A perfect match would be - the roof needing maintenance/replacement and the solar equipment installation at once.
Then roof and solar equipment will pretty much live on the same clock (conveniently, the useful lives are similar too - in theory).
 

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This is the complete array, Sunpower brand. Comes with a phone app so you can track daily performance. I downloaded four years of consumption from my utility and made my own computations on the repay value. My installer did not promote batteries as our grid is pretty reliable, and battery expense very high. Existing power grid in house would have needed expensive re organization as to connect batteries to the proper circuits. I requested a system big enough to add an electric car, which I purchased as soon as I had the solar on line. The car seems to use a lot of power from what I can tell going online to my utility account. The installer also took shading from nearby trees into consideration, and that the panels would lay flat. The only maintenance is washing a few times a year, which is easy with the flat roof.

 

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To verify an anticipated electric production for your very specific location, I would encourage you to visit the National Renewable Energy Laboratory resource called PVWatts- https://pvwatts.nrel.gov/ Didn't read the proposal, but also worth exploring your eligibility for the federal tax credit for renewable energy, as well as any state resources, plus of course the offsets from net metering. Typical install costs per watt residential. Anything over $3.50 per watt installed in total is pushing the envelope of average costs for Wisconsin. Should be closer to $2.50 per watt. Renewable energy ties into my off farm work life research projects, doesn't make my opinion better but there ya go.
 

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Hey Greg, we put solar in late last year and had it come online in January. We've been very happy with the production and it's impact on our electricity bill. Ours is a 11.1kW ground mount, not on the roof. Our primary driver was to send less money to our utility company which has been playing a lot of despicable political and "emminent domain" land seizure games. I'm a big believer in renewable energy and as one of my friends very eloquently put it "we have to create the future we want for our kids". Financially we'll break even but that wasn't the primary driver.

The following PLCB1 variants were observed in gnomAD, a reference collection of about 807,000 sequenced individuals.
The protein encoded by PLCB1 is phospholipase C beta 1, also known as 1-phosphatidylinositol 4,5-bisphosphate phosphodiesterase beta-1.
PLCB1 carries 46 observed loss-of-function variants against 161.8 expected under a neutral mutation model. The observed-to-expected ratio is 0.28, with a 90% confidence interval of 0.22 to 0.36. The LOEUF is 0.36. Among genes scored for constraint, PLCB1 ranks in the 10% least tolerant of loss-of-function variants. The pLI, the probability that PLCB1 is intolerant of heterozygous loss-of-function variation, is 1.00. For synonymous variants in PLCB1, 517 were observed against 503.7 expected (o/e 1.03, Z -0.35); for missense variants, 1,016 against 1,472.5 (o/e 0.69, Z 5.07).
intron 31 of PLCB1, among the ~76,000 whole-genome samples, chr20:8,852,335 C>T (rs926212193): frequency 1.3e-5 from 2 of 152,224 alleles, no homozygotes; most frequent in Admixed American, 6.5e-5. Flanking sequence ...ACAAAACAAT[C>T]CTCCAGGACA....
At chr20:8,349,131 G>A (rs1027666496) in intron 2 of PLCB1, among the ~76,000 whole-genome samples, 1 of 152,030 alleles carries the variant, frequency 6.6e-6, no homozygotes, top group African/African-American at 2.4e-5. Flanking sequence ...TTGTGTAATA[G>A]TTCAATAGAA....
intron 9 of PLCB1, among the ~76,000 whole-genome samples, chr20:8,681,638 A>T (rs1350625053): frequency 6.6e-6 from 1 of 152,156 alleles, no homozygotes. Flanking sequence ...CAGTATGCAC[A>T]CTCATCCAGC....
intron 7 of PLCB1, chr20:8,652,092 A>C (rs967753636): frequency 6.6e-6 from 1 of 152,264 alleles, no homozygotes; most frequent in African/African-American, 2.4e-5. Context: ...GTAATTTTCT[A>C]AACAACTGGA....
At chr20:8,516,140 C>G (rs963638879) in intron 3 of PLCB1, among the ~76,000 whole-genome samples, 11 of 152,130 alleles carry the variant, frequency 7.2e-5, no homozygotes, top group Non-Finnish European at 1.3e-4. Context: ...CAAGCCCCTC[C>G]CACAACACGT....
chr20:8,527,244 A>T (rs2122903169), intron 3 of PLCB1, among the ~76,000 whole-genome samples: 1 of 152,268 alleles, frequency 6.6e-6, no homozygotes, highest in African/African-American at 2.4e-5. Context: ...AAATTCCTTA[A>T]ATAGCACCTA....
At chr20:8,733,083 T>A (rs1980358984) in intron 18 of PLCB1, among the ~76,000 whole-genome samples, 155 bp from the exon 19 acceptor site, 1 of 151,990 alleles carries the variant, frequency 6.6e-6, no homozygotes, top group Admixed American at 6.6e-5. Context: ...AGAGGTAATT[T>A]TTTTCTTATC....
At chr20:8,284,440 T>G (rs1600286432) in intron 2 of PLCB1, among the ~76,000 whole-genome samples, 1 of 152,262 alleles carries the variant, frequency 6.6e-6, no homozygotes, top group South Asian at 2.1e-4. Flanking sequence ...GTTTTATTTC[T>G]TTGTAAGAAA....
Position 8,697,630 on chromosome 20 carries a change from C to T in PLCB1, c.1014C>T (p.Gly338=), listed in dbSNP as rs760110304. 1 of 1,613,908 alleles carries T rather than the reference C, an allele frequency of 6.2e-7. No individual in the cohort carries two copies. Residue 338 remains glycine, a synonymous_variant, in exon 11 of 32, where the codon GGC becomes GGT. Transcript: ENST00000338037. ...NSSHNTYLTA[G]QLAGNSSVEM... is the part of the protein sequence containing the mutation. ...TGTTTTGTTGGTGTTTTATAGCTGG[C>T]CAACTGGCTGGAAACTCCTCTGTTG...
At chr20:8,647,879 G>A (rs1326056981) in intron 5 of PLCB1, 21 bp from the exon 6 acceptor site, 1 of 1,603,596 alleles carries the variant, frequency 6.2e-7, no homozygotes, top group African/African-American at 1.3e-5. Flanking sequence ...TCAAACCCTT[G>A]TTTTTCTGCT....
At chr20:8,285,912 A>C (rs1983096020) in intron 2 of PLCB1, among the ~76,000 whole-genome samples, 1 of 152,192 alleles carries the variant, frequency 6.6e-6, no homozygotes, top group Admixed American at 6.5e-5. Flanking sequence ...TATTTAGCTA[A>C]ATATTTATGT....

If you decide to get serious about it the installer is going to be your biggest decision. Ours was recommended by a neighbor (had a great install) and had glowing reviews online. That said our install was a cluster and I came very close to cancelling the contract and walking away. I'd highly recommend you see if solar united neighbors (https://www.solarunitedneighbors.org/) has any co-ops near you that you can check in with.

With our utility company we have a "smart" meter. The output from our solar panels feeds directly into the meter and any excess power we generate goes back to the grid. We have a basic rate and we're credited that rate for the power we feed back. I actually really like that system as we "bank" credits during months where we open the house and then use them when we run the heat or air conditioning. As a rough guess I'd say we'll probably bank credits for six months out of the year and consume them over the rest of the year.

I'll eventually put batteries in but I'm not in a hurry. I'd like to see that technology improve, prices come down, and maintenance be reduced before I jump into that. Speaking of maintenance we have almost none on our ground mount. A heavy rain generally does the cleaning and we've only swept them off when our black locust dropped a ton of blossoms. We have had trees trimmed back to reduce shading as we've learned this year but I don't expect to be doing any more of that now. By nature I'm a tinkerer so I kind of find it frustrating that I can't tinker with this expensive thing in the yard but they just sit there, generate power, save me money, and reduce my dependency on a company that I don't particularly like doing business with...

All that said I've been recommending to friends here in Virginia that they wait on solar. Our legislature has changed dramatically and are now much less adversarial to renewable energy. I think they'll be better incentives in the next few years, technology should incrementally improve, and that may also provide time for the installer business to shake out.
 

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Greg - we have Tesla solar w 2 Powerwall (PW) and love it. We went with Tesla cuz 3 yrs ago they were cheapest & w tax rebate the PW was almost free. CA currently have brown outs & PW automatically kicks in. Storm Watch looks out for weather - heatwave, storm or other emergencies causes higher probability of downtime, PW charges to max and waits until storm is over. When drunk driver took down electric pole that cause blackout for entire evening, we had uninterrupted dinner. We didn’t even know neighborhood was out of electricity until neighbor called to ask how our lights were still on. All this and with my calculations we will have broken even in 3.5 years and start saving lots of money by 4th year. Prior our monthly PG&E bill was ~$150-$400; now with true up it averages $50-$75. We’re still paying off solar loan but that just averages out a little more than what we would have paid for summer AC usage. With climate change our summer is getting hotter and longer summer season - looks like what they said in school in 80’s that Cali would burn down every year is now coming to fruition.